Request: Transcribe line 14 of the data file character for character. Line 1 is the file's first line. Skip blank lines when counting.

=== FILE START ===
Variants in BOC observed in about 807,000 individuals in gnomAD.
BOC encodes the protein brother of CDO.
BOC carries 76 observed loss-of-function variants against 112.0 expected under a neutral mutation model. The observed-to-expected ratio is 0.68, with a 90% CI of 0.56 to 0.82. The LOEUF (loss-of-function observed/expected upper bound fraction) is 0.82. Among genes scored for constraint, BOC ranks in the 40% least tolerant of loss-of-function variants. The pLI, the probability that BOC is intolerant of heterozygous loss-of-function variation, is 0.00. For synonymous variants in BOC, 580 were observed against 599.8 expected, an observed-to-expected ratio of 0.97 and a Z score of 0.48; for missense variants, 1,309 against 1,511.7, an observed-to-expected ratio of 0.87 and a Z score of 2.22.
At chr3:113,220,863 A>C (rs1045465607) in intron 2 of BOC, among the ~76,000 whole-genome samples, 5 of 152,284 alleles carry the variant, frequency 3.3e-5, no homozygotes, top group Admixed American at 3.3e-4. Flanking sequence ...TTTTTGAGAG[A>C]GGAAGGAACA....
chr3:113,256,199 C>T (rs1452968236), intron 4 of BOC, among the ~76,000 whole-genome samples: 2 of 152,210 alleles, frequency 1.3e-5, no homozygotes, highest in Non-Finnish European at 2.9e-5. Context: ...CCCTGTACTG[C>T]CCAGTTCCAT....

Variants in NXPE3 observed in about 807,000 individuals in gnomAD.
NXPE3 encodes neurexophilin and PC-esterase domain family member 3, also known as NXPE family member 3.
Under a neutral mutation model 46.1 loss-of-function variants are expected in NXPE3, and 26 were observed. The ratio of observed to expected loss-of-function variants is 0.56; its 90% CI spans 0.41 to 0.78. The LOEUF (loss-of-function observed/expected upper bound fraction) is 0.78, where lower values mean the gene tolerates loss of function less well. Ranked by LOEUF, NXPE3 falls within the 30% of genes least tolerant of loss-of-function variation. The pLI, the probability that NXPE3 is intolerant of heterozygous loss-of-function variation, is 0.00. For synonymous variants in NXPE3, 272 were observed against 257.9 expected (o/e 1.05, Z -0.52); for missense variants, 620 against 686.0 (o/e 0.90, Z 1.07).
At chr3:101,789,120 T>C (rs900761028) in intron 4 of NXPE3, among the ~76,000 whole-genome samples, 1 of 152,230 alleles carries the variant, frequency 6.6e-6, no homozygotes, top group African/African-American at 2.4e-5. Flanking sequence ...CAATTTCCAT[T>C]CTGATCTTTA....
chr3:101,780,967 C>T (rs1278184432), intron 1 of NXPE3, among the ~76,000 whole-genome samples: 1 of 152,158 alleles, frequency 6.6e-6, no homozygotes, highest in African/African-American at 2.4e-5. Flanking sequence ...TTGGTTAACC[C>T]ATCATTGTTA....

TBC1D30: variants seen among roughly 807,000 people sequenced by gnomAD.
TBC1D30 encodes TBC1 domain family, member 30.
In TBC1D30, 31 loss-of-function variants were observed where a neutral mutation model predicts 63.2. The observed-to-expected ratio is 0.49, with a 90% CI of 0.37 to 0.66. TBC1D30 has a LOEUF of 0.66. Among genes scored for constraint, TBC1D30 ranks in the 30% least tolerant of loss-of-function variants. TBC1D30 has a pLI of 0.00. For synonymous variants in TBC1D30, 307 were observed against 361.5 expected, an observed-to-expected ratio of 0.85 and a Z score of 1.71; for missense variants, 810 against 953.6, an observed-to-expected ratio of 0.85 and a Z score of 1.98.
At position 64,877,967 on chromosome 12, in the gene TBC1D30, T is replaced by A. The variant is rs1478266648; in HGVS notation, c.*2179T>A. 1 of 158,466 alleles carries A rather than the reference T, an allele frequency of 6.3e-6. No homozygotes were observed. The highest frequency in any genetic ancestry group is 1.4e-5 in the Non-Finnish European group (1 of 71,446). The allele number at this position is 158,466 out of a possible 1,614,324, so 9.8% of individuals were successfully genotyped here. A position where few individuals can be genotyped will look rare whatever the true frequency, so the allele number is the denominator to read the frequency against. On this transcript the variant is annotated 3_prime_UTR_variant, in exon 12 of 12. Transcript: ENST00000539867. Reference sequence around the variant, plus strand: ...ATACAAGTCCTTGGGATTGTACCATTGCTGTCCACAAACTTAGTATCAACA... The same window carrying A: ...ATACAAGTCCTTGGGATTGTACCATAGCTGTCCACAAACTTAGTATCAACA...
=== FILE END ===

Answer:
At position 64,877,967 on chromosome 12, in the gene TBC1D30, T is replaced by A. The variant is rs1478266648; in HGVS notation, c.*2179T>A. 1 of 158,466 alleles carries A rather than the reference T, an allele frequency of 6.3e-6. No homozygotes were observed. The highest frequency in any genetic ancestry group is 1.4e-5 in the Non-Finnish European group (1 of 71,446). The allele number at this position is 158,466 out of a possible 1,614,324, so 9.8% of individuals were successfully genotyped here. A position where few individuals can be genotyped will look rare whatever the true frequency, so the allele number is the denominator to read the frequency against. On this transcript the variant is annotated 3_prime_UTR_variant, in exon 12 of 12. Transcript: ENST00000539867. Reference sequence around the variant, plus strand: ...ATACAAGTCCTTGGGATTGTACCATTGCTGTCCACAAACTTAGTATCAACA... The same window carrying A: ...ATACAAGTCCTTGGGATTGTACCATAGCTGTCCACAAACTTAGTATCAACA...